Lasso, Orlando di Lasso, Roland de Lassus(noun)
Belgian composer (1532-1594)
lasso, lariat, riata, reata(verb)
a long noosed rope used to catch animals
catch with a lasso
A long rope with a sliding loop on one end, generally used in ranching to catch cattle and horses.
An image-editing function allowing the user to capture an irregularly-shaped object by drawing an approximate outline.
To catch with a lasso.
Origin: lazo ← Vulgar * ← Latin laqueus.
a rope or long thong of leather with, a running noose, used for catching horses, cattle, etc
to catch with a lasso
Origin: [Sp. lazo, L. laqueus. See Lace.]
A lasso, also referred to as a lariat, riata, or reata, is a loop of rope that is designed to be thrown around a target and tighten when pulled. It is a well-known tool of the American cowboy. The word is also a verb; to lasso is to throw the loop of rope around something. Although the tool has several proper names, such terms are rarely employed by those who actually use it; nearly all cowboys simply call it a "rope," and the use of such "roping." To most cowboys, the use of other terms — especially "lasso" — identifies the user as a layman. A lariat is made from stiff rope so that the noose stays open when the lasso is thrown. It also allows the cowboy to easily open up the noose from horseback to release the cattle because the rope is stiff enough to be pushed a little. A high quality lasso is weighted for better handling. The lariat has a small reinforced loop at one end, called a honda or hondo, through which the rope passes to form a loop. The honda can be formed by a honda knot, an eye splice, a seizing, rawhide, or a metal ring. The other end is sometimes tied simply in a small, tight, overhand knot to prevent fraying. Most modern lariats are made of stiff nylon or polyester rope, usually about 5/16 or 3/8 in diameter and in lengths of 28, 30, or 35 ft for arena-style roping and anywhere from 45 to 70 ft for Californio-style roping. The reata is made of braided rawhide and is made in lengths from 50 ft to over 100 ft. Mexican maguey and cotton ropes are also used in the longer lengths.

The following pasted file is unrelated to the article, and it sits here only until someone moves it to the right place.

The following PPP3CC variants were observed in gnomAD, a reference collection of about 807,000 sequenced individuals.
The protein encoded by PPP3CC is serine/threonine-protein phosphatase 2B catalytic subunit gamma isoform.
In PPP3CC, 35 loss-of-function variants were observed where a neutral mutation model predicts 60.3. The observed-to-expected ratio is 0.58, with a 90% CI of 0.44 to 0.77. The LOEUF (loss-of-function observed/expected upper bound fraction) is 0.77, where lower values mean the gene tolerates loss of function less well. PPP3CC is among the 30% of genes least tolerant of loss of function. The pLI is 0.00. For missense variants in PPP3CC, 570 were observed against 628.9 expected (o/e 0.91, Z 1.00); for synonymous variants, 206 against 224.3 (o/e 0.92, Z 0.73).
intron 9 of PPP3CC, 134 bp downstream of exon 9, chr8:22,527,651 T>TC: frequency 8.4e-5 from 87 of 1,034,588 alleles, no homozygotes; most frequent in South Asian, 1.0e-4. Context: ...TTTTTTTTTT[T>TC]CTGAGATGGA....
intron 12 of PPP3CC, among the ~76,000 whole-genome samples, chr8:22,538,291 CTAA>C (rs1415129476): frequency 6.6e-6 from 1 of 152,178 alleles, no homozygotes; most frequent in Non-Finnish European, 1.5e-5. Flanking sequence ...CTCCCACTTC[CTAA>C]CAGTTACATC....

Chambers 20th Century Dictionary
las′ō, n. a long rope with a running noose for catching wild horses, &c.:—pl. Lass′os, Lass′oes.—v.t. to catch with the lasso:—pr.p. lass′ōing; pa.p. lass′ōed. [Port. laço, Sp. lazo—L. laqueus, a noose.]
The Nuttall Encyclopedia
a well-plaited strip of hide, with a noose, to catch wild horses or cattle with.
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The numerical value of lasso in Chaldean Numerology is: 8
The numerical value of lasso in Pythagorean Numerology is: 3
Sample Sentences & Example Usage
It really ranks as the number one strange save, the squadron has been involved in some hair-raising tasks. Most of our rescues are obviously boat or person related. This rescue was so different because we had to lasso the horse while keeping him as unstressed as possible.
Little girls are the nicest things that happen to people. They are born with a little bit of angelshine about them, and though it wears thin sometimes there is always enough left to lasso your heart-even when they are sitting in the mud, or crying temperamental tears, or parading up the street in mother's best clothes.
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